Published by Disney-Hyperion on October 18, 2016
Genres: Mystery, Suspense, YA, YA Thriller
Source: ALA Annual 2016
Sixteen-year-old Day Connor views life through the lens of her camera, where perspective is everything. But photographs never tell the whole story. After Day crosses paths with Julian, the world she observes and the truths she believes—neatly captured in black and white—begin to blur.
Julian does not look like a murderer, but his story is full of holes, and his alibis don’t quite add up, either. This time, Day is determined to see the entire picture…whatever it reveals.
Did he kill his parents? Or didn’t he?
While Julian remains on the run, Day digs deeper into his case. But the more facts she uncovers, the longer her list of questions becomes. It’s also getting harder to deny the chemistry she feels with Julian.
Is it real? Or is she being manipulated?
Day is close to finding the crack in the case that will prove Julian’s innocence. She just needs time to focus before the shutter snaps shut.
Diversity Rating: 0 – What Diversity?
Disability: 1 (Julian’s mom suffered from depression and a painkiller addiction; she attempted suicide multiple times)
Back when I was just a wee fourteen-year-old just getting into reading, Laurie Faria Stolarz’s Blue is for Nightmares series was a small thing and her Touch series was just beginning. While looking for new reads, her books would always be right there waiting, but I never bothered with them. Well, if their quality is anything like Shutter, I’m thankful little me was never interested.
Day’s and Julian’s characterizations are very straightforward: Day is the do-everything do-gooder daughter of two big-time activists and a photographer who is always looking for The Shot; Julian is the emotionally frazzled main suspect in his parents’ deaths and the product of an abusive home. They aren’t anything to write home about, but they work as co-leads. As Day commences her search for the truth with real-world investigating, Julian’s journal entries provide his perspective in ways Day’s recorded conversations with him can’t get across. The choice to let him narrate as well was a good one.
The rest of the cast, though? Shallow as a puddle that’s almost dried out. Day’s best friends Tori and Jeannie are especially notable in this regard. Tori’s entire world and a surprising number of her interactions with Day revolve around boys; Jeannie is the beauty hiding behind geeky glasses who eliminates the almost-love triangle by going out with Day’s other possibility Max Terbador.
Tori in particular earns my ire because of her sex-shaming of a character who literally never appears on the page. See, Tori has a crush on some no-name early in the book and she’s mad he’s going to a party with Becky Burkus. That’s where this delightful exchange comes from:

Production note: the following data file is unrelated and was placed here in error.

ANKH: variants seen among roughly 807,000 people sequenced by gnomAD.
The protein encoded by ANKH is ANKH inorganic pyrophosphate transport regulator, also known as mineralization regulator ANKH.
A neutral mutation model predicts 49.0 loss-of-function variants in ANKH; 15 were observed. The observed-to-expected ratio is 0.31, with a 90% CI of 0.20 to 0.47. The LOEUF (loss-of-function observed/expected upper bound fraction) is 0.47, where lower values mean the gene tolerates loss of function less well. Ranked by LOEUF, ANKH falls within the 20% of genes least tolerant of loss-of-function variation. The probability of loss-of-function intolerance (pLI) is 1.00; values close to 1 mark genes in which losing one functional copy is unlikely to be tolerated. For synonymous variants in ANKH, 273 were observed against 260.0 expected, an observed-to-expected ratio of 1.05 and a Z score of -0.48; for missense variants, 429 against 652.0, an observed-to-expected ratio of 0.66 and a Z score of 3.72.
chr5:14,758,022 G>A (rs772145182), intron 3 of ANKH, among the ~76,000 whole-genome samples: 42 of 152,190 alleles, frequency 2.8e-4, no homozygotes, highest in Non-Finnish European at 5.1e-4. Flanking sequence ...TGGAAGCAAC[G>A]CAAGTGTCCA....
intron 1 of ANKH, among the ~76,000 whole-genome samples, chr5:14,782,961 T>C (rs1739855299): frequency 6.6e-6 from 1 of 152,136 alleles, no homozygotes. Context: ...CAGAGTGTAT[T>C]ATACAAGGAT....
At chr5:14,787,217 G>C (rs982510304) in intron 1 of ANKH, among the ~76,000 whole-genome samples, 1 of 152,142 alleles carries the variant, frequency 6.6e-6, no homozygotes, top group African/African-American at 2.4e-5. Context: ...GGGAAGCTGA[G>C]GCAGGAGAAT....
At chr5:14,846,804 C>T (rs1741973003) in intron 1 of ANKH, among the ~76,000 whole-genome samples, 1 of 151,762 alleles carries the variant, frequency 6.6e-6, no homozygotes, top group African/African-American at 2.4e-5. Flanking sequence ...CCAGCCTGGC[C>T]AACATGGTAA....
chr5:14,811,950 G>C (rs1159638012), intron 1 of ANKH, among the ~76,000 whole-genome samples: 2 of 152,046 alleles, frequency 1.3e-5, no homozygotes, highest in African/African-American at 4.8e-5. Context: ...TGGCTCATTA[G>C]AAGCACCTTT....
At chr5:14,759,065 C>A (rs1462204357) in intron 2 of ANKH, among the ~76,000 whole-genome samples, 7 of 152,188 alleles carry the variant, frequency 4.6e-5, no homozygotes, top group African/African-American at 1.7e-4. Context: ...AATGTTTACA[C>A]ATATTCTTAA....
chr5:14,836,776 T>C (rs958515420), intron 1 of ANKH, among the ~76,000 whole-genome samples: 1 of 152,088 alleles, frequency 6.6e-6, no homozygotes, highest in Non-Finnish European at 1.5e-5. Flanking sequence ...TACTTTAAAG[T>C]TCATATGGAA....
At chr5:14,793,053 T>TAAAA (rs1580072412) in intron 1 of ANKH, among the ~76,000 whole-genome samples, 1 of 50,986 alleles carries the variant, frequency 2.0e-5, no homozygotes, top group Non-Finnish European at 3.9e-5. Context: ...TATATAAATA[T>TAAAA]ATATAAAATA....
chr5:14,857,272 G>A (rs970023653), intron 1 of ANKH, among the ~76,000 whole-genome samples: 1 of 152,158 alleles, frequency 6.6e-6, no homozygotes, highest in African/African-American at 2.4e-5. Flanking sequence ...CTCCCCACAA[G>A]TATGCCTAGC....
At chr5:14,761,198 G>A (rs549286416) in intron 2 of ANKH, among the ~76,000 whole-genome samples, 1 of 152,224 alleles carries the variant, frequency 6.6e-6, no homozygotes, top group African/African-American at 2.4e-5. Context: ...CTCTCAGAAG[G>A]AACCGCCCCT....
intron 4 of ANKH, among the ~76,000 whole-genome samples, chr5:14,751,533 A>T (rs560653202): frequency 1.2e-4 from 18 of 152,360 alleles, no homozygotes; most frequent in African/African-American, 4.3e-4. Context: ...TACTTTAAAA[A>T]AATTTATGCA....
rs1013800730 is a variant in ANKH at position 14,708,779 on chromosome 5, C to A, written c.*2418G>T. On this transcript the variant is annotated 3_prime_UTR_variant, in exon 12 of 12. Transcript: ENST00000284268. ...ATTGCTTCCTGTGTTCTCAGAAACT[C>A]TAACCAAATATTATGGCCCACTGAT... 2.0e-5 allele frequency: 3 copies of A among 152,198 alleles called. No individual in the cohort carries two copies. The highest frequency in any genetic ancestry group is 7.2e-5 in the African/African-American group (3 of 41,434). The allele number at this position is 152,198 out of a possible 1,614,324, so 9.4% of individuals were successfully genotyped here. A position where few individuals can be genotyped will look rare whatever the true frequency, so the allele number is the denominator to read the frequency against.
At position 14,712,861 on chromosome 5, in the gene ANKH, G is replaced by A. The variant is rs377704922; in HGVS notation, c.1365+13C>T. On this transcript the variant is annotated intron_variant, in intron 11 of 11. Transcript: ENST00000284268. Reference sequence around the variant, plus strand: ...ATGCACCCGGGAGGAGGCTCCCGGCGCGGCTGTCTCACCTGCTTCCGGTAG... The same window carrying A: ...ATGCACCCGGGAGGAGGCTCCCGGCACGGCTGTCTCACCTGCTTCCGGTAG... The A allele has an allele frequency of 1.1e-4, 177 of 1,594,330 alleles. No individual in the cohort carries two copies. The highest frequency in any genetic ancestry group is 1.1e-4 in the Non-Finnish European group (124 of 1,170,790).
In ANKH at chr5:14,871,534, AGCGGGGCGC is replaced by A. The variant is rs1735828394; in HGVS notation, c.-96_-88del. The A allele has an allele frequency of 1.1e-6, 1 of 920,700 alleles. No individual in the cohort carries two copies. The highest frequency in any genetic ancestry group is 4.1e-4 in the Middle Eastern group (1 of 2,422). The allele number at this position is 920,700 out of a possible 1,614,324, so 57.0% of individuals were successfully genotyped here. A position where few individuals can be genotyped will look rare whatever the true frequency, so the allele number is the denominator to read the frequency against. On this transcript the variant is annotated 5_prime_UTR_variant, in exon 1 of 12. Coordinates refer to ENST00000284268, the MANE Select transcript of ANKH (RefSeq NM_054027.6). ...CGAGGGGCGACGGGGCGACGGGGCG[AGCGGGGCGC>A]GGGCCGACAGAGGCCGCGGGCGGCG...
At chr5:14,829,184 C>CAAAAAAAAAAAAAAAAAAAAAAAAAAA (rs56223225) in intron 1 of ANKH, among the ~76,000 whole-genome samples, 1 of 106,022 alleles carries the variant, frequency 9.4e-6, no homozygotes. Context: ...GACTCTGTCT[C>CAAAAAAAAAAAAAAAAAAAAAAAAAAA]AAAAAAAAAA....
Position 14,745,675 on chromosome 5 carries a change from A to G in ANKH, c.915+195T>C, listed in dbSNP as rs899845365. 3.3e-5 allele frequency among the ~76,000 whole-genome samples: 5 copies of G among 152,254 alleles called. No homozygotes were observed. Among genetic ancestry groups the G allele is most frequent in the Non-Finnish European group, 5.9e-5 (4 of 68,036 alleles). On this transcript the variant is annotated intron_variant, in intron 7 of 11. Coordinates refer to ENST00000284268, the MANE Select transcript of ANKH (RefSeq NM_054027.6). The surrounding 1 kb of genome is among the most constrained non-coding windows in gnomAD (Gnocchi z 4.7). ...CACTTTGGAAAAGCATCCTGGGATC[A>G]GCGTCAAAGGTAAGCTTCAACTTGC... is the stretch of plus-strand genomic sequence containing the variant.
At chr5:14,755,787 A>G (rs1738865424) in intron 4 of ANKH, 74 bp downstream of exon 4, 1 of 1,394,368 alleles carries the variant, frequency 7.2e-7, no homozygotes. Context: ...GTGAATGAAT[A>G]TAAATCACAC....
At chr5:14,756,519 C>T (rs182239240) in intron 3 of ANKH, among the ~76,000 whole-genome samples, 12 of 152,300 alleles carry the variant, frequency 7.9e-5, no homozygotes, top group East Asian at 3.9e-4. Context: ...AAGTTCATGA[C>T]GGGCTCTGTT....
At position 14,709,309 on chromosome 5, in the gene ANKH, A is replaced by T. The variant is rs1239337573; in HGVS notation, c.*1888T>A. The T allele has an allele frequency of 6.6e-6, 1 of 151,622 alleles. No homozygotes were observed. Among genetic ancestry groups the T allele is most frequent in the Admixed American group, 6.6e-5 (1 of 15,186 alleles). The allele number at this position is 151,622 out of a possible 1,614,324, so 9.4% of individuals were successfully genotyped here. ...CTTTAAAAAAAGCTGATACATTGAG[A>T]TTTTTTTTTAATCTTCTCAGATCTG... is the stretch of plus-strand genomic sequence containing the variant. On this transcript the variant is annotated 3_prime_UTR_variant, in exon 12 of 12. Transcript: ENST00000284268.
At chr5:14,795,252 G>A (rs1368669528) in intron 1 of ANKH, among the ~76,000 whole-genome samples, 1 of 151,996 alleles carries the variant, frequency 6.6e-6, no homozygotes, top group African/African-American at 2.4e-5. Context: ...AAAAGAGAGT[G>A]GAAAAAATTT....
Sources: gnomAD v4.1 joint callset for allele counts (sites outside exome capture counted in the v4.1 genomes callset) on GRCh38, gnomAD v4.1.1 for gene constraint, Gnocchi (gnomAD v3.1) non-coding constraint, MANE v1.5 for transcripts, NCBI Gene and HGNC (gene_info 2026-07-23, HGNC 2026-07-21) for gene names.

“Becky Freaking Burkus. I mean, seriously, have you not noticed her skanky attire lately? Low-cut blouses, ho-length skirts, fishnet stockings, and visible string.”
“As in shoelaces?”
“As in G,” she barks, snagging the attention of Mr. Czarnecki, the librarian. “Becky’s like a walking peep show.” she whispers.
Though this comes from page 117 in m ARC, I checked the final copy and it remains intact in its entirety. (Also, most modern high school dress codes would hardly let a girl like Becky get away with clothes like those described.)
Day’s failure to call her out on this sex-shaming really screws with her characterization as a girl who cares about justice and all things Good. Sure, she says Tori is sinking to shallow depths with such remarks, but that’s not even close to the level of calling her out. When my best friends said bisexual people were more likely to cheat on you, I ouright told them they needed to stop because they were being biphobic, offensive, and wrong. Day can’t seem to do the same thing despite her being much more dedicated to her causes than I am to almost everything.
Day’s parents are largely absent since they’re divorced, her dad is living elsewhere, and her mom works long hours getting innocent people out of foreign prisons. This is what enables the book’s predictable plot and allows Day to keep Julian’s presence in her home’s shed hidden. Her investigation is so amateur that it honestly amazes me anyone is willing to talk to her and give her the pieces she needs to pull together the case.
Oh, and hilariously wrong facts make you wonder if you should trust the book to get anything right. Like, claiming Luke Skywalker and Princess Leia were a famous couple akin to John Lennon and Yoko Ono? Really? (Again, I checked this against the final copy and no one corrected that blatant error.)
Maybe I’ve been a wee bit mean? To be fair, Shutter is quite readable. The book is largely garbage, but it’s very readable garbage you’ll find yourself devouring quickly. There are better thrillers and amateur investigations out there, so I suggest you pass on Shutter to go read some of those. For instance, Kara Taylor’s Prep School Confidential series.